The DA expressed concern that the “cell phone had not yet been forensically analyzed and cell phones can lose data very easily.” They added that their high tech team discovered that the cell phone had a password and they were unable to “retrieve any messages” so they requested that the Defense provide the password to the cell phone.
As Mr. Johansson explained in court on March 25, to Judge Gaard, they found it unacceptable that the DA investigator would be looking over their investigator’s shoulder while observing the evidence. He offered instead to videotape the examination.
The DA’s continued insistence over the course of the March 25 and April 5 hearings was that the phone had to stay in the custody of the DA’s office to maintain the “chain of custody.”
The defense retained an expert to examine the phone “because the DA would not allow [the public defender’s] investigator to look at the phone without their investigator observing his movements and his analyst’s analyzing of the phone.”
On April 13, Judge Gaard had ruled that the People had a reasonable opportunity to “copy or otherwise memorialize the contents of the phone.” She ruled, “Given the fact that the prosecution has had the ability to analyze the phone, in light of the qualifications of the expert who will analyze it for the defense and the defense’s agreement to waive any chain of custody objection, the People don’t have a valid reason for objecting to the defense request.”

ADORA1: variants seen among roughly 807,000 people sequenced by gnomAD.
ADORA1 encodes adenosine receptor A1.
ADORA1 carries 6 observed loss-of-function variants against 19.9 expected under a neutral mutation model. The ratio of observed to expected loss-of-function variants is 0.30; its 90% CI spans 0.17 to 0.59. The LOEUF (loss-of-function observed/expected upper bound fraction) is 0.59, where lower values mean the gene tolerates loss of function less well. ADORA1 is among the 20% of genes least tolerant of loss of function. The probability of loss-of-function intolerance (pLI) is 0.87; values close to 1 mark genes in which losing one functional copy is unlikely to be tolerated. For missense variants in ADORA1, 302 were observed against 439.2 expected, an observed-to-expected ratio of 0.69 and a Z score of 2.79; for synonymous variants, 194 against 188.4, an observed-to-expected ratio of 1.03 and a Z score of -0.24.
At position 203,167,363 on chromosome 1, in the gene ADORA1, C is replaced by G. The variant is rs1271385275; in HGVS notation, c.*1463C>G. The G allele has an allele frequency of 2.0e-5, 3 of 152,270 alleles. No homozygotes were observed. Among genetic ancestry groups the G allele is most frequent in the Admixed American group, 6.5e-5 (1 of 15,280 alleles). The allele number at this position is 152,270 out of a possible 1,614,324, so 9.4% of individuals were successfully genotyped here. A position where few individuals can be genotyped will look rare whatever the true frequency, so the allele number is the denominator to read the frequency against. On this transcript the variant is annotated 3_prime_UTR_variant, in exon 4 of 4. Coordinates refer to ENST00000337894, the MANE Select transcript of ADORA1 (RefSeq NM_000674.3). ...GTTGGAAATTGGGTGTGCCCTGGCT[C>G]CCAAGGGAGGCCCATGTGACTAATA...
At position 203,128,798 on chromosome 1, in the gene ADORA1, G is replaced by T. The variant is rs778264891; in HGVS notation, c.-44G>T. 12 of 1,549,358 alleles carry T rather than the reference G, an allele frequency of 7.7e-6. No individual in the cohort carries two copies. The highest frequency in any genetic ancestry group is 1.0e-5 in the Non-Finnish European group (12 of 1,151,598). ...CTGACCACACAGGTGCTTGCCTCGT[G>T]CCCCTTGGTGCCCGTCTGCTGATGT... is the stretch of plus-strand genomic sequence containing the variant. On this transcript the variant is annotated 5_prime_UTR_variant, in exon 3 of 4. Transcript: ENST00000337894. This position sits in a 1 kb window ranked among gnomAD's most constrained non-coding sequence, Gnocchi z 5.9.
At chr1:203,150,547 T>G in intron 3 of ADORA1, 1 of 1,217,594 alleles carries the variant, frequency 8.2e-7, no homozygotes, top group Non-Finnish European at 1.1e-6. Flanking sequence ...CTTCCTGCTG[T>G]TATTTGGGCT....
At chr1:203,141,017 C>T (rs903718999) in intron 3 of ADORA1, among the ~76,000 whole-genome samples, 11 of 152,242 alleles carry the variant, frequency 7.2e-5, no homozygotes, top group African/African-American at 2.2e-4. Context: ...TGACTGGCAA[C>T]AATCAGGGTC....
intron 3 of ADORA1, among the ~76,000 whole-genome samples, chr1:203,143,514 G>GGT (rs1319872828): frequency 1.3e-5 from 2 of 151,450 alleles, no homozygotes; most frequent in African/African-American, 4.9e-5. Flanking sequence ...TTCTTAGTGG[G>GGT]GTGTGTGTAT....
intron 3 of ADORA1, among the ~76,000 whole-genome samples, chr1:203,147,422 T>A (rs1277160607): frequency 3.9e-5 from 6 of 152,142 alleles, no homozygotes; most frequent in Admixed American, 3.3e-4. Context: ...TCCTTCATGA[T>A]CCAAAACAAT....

Ms. Jacobsen had responded, “To be clear, we’re not objecting to it. We’re saying we’re not going to turn it over unless somebody can be present to ensure that nothing is destroyed.
Judge Gaard responded, “You’re saying that, and I just told you that that’s not going to happen.”
Ms. Jacobsen responded that she needed another court date since she was told “we will not comply with that order.”
Judge Gaard responded, “Maybe you would like to get someone over here this morning to tell me why you’re not going to comply with the court order.”
They would come back at 10 am on the 13th of April, and after some legal arguments by the People attempting to justify their position using case law, Judge Gaard ruled that the authorities presented by the People do not change the court’s ruling from this morning. Ms. Jacobsen was asked by Judge Gaard how long do they need before turning over the phone.
Ms. Jacobsen responded that she understood the court’s ruling, however, “I have still been informed by my supervisor that we will not be turning the phone over.”
The hearing was then set as an order to show cause. Judge Gaard told the attorneys that the hearing was “for the People to be present with the phone.”
However, as we now know that did not happen on Monday. Instead, the order that came from Judge Gaard’s office, apparently that same day, was one in which the defense’s expert would inspect the phone “on the premises of the Yolo County District Attorney’s office on April 18, 2011.”
What happened? Why was the defense never sent the order? Why did Judge Gaard suddenly take a week off when she never indicated that this was her intention? Perhaps some of these questions will be answered on Tuesday May 3.
—David M. Greenwald reporting